Expedia buys majority stake in SilverRail

Rail distribution platform SilverRail Technologies is now majority owned by Expedia Inc.

Terms have not been disclosed.

The deal marks the end of an eight-year journey as an independent business for the UK-based company.

SilverRail was created by Aaron Gowell (CEO) and Will Phillipson (president) in 2009, billed initially as a GDS for trains, which has since expanded to offices in Sweden, Australia and the US.

SilverRail previously had a consumer-facing play in the shape of Quno, but this was discontinued within a few years.

The company has raised a hefty $69 million over the course of four rounds since its inception (TLabs here), in a bid to push its rail ticketing and train operator distribution platform.

The most recent investment came in April 2014 when Mithril Capital Management led a massive round of $40 million that also featured previous backers Canaan Partners, Sutter Hill Ventures, and Brook Venture Partners.

Gowell had earlier managed to attract $29 million in seed and series A and B funding, as well as a $3 million as part of a tuck-in acquisition.

The $40 million Series C was considered a monster round when compared with the industrywide median for Series C, according to a report at the time by research firm Pitchbook.

SilverRail’s most high-profile partnership to date was probably with Expedia, when it secured an agreement to power search and ticketing of rail services on the online travel agency.

Orbitz-owned Ebookers (both now part of the Expedia empire) was the first major OTA to work with SilverRail.

Phillipson had previously worked for Wandrian, a US-based startup with much the same mission as SilverRail.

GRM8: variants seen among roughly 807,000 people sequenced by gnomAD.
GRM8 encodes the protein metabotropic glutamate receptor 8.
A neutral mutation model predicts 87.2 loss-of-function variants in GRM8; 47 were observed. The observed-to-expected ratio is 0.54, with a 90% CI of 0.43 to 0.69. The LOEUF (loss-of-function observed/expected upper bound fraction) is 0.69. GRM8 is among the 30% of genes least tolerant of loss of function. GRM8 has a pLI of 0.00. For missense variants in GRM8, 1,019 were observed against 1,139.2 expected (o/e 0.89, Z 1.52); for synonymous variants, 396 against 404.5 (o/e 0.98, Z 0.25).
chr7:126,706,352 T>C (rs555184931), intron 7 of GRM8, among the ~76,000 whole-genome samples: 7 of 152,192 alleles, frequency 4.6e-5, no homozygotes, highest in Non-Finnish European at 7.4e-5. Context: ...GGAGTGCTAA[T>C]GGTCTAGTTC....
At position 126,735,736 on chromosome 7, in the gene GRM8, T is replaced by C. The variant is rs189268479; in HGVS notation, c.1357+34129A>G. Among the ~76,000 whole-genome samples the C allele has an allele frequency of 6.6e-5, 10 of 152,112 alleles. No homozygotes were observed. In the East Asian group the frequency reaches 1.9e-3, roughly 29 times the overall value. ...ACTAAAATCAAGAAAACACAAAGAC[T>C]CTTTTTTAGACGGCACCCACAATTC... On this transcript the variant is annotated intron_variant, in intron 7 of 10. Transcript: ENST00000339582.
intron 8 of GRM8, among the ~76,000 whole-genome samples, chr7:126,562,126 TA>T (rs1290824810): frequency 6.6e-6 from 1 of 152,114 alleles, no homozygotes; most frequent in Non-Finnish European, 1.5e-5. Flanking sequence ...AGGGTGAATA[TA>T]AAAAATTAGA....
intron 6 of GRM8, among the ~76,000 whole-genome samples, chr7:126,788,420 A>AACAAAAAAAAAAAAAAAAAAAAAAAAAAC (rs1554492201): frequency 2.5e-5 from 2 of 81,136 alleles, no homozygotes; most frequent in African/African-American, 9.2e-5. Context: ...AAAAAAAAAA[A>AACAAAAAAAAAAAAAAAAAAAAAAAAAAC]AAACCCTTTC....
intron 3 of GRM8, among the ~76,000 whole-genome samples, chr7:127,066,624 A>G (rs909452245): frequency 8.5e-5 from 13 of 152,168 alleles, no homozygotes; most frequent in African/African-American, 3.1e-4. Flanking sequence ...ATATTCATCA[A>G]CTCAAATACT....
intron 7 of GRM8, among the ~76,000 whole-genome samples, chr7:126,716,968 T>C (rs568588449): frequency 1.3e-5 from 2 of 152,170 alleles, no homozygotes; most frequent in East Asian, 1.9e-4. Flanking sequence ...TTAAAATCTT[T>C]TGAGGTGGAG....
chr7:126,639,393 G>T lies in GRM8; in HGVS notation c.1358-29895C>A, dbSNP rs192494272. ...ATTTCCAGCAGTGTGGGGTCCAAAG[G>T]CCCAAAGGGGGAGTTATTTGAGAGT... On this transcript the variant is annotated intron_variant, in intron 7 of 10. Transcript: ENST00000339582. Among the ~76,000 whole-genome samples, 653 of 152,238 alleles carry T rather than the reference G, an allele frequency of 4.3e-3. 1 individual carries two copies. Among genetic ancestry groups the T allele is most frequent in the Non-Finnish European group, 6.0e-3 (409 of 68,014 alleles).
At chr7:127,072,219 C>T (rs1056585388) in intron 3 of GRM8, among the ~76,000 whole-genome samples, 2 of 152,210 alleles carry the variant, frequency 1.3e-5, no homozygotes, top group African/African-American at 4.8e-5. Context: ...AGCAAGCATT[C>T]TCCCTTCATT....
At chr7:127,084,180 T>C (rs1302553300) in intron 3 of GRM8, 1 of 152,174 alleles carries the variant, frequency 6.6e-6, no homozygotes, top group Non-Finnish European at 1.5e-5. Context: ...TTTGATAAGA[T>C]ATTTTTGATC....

Expedia Inc CEO, Dara Khosrowshahi, says:

“Rail is ready for an online revolution, and we’re ready to be a part of it. Rail’s shift online is one of the fastest growing areas of innovation in the $1.3 trillion travel market, and SilverRail is powering that innovation.

“We are tremendously excited to welcome the incredibly talented SilverRail team into the Expedia family.”

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Kevin May

About the Writer :: Kevin May

Kevin May was a co-founder and member of the editorial team from September 2009 to June 2017.



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  1. Peter Topping

    There are some salient points missing from the discussion here.

    One the discussion about rial online and the start up scene has always been blighted by the trans Atlantic disconnect and the disproportionate weight of the American voice in the debate. Rial is not a thing of significance in the US market and discussion with many non travel industry Americans will lead you to think they view it as low status, how ever once they try it they are enthusiastic converts .

    Secondly the issue of yield for OTAs / GSA and wholesalers in point to point rail is often not great in dollar terms for the effort but is reasonable compared to air if you can get the volumes.

    The yield in specialty and or private/expedition trains is excellent and the rail holiday is a killer niche but it is a difficult product to transact on line it is a click to brick call to action.

    The political context, the business footing and the investment in reservations technology in the key markets has been held back by central govt spending in Europe during the last decade and the curious position of many operators as State owned Enterprises or highly regulated low agility quasi State enterprises has restricted the ability and culture of rail companies.